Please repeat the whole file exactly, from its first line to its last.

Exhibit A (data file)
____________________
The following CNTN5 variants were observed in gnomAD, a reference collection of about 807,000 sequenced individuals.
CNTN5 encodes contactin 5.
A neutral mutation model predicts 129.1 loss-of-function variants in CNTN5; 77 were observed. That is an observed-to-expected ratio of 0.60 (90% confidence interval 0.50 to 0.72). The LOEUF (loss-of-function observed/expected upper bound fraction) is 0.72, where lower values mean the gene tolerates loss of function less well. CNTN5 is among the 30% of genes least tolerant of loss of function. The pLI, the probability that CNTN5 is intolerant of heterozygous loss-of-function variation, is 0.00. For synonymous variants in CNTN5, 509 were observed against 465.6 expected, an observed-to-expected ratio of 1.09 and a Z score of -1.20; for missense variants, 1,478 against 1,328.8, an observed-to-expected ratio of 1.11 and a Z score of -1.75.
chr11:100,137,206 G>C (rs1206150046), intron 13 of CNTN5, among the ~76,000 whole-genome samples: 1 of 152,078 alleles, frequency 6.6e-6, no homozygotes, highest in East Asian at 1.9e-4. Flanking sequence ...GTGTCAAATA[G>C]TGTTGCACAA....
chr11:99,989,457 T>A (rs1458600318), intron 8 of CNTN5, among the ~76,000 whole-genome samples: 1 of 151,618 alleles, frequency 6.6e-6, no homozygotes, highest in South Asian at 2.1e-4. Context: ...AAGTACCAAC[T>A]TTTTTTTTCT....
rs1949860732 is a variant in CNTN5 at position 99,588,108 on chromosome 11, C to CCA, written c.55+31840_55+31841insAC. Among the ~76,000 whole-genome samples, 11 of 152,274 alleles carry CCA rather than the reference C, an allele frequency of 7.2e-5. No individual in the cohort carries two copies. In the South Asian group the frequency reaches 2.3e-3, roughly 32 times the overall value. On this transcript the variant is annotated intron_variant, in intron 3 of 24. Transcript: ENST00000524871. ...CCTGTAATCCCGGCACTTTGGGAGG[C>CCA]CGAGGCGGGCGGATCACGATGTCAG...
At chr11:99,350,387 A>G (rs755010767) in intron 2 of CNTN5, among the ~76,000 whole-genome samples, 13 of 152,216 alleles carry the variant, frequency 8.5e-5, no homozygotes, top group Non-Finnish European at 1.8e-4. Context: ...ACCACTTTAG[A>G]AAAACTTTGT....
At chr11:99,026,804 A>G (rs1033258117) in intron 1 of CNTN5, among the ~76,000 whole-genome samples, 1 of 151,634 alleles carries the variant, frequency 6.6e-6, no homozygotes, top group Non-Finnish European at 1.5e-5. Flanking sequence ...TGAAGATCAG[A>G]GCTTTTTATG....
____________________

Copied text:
The following CNTN5 variants were observed in gnomAD, a reference collection of about 807,000 sequenced individuals.
CNTN5 encodes contactin 5.
A neutral mutation model predicts 129.1 loss-of-function variants in CNTN5; 77 were observed. That is an observed-to-expected ratio of 0.60 (90% confidence interval 0.50 to 0.72). The LOEUF (loss-of-function observed/expected upper bound fraction) is 0.72, where lower values mean the gene tolerates loss of function less well. CNTN5 is among the 30% of genes least tolerant of loss of function. The pLI, the probability that CNTN5 is intolerant of heterozygous loss-of-function variation, is 0.00. For synonymous variants in CNTN5, 509 were observed against 465.6 expected, an observed-to-expected ratio of 1.09 and a Z score of -1.20; for missense variants, 1,478 against 1,328.8, an observed-to-expected ratio of 1.11 and a Z score of -1.75.
chr11:100,137,206 G>C (rs1206150046), intron 13 of CNTN5, among the ~76,000 whole-genome samples: 1 of 152,078 alleles, frequency 6.6e-6, no homozygotes, highest in East Asian at 1.9e-4. Flanking sequence ...GTGTCAAATA[G>C]TGTTGCACAA....
chr11:99,989,457 T>A (rs1458600318), intron 8 of CNTN5, among the ~76,000 whole-genome samples: 1 of 151,618 alleles, frequency 6.6e-6, no homozygotes, highest in South Asian at 2.1e-4. Context: ...AAGTACCAAC[T>A]TTTTTTTTCT....
rs1949860732 is a variant in CNTN5 at position 99,588,108 on chromosome 11, C to CCA, written c.55+31840_55+31841insAC. Among the ~76,000 whole-genome samples, 11 of 152,274 alleles carry CCA rather than the reference C, an allele frequency of 7.2e-5. No individual in the cohort carries two copies. In the South Asian group the frequency reaches 2.3e-3, roughly 32 times the overall value. On this transcript the variant is annotated intron_variant, in intron 3 of 24. Transcript: ENST00000524871. ...CCTGTAATCCCGGCACTTTGGGAGG[C>CCA]CGAGGCGGGCGGATCACGATGTCAG...
At chr11:99,350,387 A>G (rs755010767) in intron 2 of CNTN5, among the ~76,000 whole-genome samples, 13 of 152,216 alleles carry the variant, frequency 8.5e-5, no homozygotes, top group Non-Finnish European at 1.8e-4. Context: ...ACCACTTTAG[A>G]AAAACTTTGT....
At chr11:99,026,804 A>G (rs1033258117) in intron 1 of CNTN5, among the ~76,000 whole-genome samples, 1 of 151,634 alleles carries the variant, frequency 6.6e-6, no homozygotes, top group Non-Finnish European at 1.5e-5. Flanking sequence ...TGAAGATCAG[A>G]GCTTTTTATG....